Undeniable Proof That Everything’s Going To Be Okay

With all the political upheaval, economic chaos and mass shootings going on, it’s hard to have a positive outlook on the world. But trust me, everything’s going to be okay. IDisneyland Parking 1 have irrefutable proof that the humanity in this world will save us from the constant disaster you see on cable news.

My proof is this receipt, from Disneyland, the Happiest Place On Earth. Driving into the parking lot the second day of our visit, I was feeling beat down. Like many parents heading into the park, I was bleeding cash. Over $1500 for a two-day visit.

Approaching the parking lot cashier, my Manic Impressive tendencies took over to salvage some economic dignity. I cut the young woman off before she could quote me a price by saying,      “Oh, it’s okay, we’re not parking.” Confused as to why I was heading into the parking lot not to park, she shot me a quizzical look. I continued. “We’re just going into the park for a while, gonna go on some rides, have some lunch, get a few souvenirs and we’ll be on our way. So we’re not parking.”

The quizzical look turned sly, and she said, “Oh, well since you’re not parking, then I guess I shouldn’t charge you anything.” And in that moment, an employee of the Most Capitalistic Place On Earth risked the wrath of Michael Eisner and played along. She rung up $00.00 on the cash register and wished us a great day.

I was pretty damned thrilled. After I didn’t park the car, we enjoyed the park and I stopped sweating the dollars. Sure, she only saved me $12, but it was, to me, a significant omen.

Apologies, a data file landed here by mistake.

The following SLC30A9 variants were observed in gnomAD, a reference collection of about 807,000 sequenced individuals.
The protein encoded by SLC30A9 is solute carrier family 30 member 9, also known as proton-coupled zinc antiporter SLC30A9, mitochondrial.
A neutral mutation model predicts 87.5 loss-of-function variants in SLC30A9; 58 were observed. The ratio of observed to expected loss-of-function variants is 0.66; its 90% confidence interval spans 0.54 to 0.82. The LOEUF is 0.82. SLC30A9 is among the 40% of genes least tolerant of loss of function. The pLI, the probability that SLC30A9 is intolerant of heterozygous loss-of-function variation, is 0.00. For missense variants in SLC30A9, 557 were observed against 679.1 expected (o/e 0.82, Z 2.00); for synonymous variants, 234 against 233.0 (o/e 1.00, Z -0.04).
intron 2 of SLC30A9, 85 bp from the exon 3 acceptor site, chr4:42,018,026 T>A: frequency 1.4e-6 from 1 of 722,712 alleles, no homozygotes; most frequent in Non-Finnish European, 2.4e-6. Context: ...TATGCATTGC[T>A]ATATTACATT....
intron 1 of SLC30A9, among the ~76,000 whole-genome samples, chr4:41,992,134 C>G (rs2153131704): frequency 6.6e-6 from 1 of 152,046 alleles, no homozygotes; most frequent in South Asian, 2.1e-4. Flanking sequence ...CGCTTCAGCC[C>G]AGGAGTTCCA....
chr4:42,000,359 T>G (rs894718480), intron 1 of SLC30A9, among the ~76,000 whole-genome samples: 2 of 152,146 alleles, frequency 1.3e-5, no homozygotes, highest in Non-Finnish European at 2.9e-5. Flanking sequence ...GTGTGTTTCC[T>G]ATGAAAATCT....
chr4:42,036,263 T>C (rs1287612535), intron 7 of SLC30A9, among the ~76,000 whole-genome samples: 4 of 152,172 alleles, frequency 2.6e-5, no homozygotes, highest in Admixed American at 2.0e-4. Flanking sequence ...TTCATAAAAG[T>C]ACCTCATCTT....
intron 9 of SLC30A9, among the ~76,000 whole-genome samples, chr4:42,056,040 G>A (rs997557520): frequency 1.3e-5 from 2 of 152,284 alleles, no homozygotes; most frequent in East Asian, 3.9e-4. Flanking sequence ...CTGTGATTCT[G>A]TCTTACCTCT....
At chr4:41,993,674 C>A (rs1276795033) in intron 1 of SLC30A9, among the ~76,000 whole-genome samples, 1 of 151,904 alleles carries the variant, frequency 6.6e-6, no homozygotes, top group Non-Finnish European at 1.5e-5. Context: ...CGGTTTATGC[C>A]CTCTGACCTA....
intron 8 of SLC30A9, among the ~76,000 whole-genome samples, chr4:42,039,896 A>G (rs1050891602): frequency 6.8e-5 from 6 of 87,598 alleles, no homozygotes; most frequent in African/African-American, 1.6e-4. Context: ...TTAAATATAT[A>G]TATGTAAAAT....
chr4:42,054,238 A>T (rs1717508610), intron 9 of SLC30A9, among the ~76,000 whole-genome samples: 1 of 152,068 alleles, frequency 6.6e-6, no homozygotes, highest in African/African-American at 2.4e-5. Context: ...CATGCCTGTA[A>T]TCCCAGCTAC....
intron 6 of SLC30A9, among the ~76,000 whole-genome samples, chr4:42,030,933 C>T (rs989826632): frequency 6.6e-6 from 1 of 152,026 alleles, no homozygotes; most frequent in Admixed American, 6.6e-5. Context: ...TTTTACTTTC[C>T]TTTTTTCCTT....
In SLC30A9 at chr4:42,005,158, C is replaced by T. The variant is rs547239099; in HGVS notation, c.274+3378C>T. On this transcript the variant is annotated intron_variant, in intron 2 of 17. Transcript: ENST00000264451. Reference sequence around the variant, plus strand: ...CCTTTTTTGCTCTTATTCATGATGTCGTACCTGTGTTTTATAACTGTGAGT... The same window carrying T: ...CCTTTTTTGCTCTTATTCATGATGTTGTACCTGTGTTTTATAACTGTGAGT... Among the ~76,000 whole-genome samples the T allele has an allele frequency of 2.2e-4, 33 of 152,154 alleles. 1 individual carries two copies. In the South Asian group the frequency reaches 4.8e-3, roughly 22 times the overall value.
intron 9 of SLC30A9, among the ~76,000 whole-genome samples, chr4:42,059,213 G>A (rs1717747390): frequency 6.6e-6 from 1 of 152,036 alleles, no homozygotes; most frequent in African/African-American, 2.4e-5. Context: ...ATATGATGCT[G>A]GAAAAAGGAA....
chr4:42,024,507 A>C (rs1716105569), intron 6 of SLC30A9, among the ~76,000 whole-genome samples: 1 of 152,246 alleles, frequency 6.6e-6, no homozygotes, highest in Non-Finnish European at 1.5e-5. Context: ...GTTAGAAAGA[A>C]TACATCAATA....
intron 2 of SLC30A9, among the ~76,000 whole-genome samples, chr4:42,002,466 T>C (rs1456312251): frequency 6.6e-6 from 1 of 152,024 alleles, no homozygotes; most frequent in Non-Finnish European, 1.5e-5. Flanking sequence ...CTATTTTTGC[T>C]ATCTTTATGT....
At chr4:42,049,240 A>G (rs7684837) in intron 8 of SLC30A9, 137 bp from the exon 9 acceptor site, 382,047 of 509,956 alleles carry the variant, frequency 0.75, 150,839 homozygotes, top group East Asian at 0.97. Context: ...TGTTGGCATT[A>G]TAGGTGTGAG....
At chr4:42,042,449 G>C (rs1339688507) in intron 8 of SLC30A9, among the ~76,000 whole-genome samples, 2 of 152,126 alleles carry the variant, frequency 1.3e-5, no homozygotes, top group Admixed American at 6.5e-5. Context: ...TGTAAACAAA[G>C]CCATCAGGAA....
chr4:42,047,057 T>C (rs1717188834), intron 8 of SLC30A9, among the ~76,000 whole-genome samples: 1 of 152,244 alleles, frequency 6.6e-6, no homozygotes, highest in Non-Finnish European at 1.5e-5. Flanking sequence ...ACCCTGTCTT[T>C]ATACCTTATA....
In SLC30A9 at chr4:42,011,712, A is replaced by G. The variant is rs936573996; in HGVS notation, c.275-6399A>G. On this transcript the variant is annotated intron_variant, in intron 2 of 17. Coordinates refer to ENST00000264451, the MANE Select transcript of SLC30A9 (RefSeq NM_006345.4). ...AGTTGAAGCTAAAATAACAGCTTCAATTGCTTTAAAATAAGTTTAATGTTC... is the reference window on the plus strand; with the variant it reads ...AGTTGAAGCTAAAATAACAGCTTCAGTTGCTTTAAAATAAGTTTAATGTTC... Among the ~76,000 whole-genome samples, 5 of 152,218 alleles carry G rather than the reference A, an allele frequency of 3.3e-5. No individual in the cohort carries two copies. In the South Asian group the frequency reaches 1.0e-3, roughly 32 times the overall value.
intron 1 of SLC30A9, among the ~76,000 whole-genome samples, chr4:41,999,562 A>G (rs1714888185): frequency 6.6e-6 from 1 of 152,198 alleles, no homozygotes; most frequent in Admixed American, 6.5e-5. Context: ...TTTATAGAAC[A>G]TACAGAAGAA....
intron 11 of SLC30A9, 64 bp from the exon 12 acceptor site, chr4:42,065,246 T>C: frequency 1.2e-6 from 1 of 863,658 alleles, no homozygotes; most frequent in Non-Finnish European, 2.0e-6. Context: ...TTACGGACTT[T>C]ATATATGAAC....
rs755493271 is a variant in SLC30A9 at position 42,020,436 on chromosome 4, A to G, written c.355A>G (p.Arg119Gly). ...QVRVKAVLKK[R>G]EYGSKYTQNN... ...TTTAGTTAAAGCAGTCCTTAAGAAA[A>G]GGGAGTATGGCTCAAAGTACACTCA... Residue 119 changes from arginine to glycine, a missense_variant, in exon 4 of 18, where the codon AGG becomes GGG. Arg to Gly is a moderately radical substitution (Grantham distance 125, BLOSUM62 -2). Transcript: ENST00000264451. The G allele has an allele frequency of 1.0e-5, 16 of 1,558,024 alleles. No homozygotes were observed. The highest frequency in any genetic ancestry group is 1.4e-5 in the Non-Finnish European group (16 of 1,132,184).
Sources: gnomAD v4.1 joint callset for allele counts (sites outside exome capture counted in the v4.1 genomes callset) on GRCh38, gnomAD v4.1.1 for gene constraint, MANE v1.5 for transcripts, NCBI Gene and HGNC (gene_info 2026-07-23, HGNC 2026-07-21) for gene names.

Why did she cut me slack? Here’s my theory: Continue reading Undeniable Proof That Everything’s Going To Be Okay

3 Crucial Stages to a Successful Launch


My favorite part of flying lasts about 2 seconds. It comes after the worst part of the flight, when we’re strapped into our full upright positions without our electronics or air conditioning. Then the engines fire, noise fills the cabin, and we’re barreling down the runway as the whole craft bumps and shakes.

At about 180 mph, the nose of the plane points up, the rear wheels leave the ground, and there is a moment where we physically break Earth’s gravitational force.

This is my favorite part. My stomach gets queasy from the torque of breaking Earth’s grip. But in less than 2 seconds the queasy fades and I feel joy  – we’re up, we’re free. Then we climb, level off, seats and tray tables recline, the AC kicks in, and we’re in that effortless place of just maintaining altitude. Continue reading 3 Crucial Stages to a Successful Launch

Why You Should Stop Specializing and Become a Jack of All Trades

vitruvian man

“A human being should be able to change a diaper, plan an invasion, butcher a hog, conn a ship, design a building, write a sonnet, balance accounts, build a wall, set a bone, comfort the dying, take orders, give orders, cooperate, act alone, solve equations, analyze a new problem, pitch manure, program a computer, cook a tasty meal, fight efficiently, die gallantly. Specialization is for insects.”  Robert Heinlen

In olden times people were encouraged to produce creative work in their daily lives. A man would build his house, plant his garden, paint landscapes, write sonnets, perform music, and make all types of household goods like furniture, belts and brandy. The world was full of people with interesting skills, and they were celebrated for their wide-ranging talents. 

A Renaissance Man, as he would be called, could do it all, and with flair. A Renaissance Man was an artist, athlete, carpenter, mechanic, medic, musician, poet, philosopher and writer. Depending on the situation, he could also be a gentleman, a rascal, a fighter or an imp.

But he was never just one thing. He was all things (*She was too, but for the sake of brevity I’m using the masculine form. Ladies, you can be a Renaissance woMan too).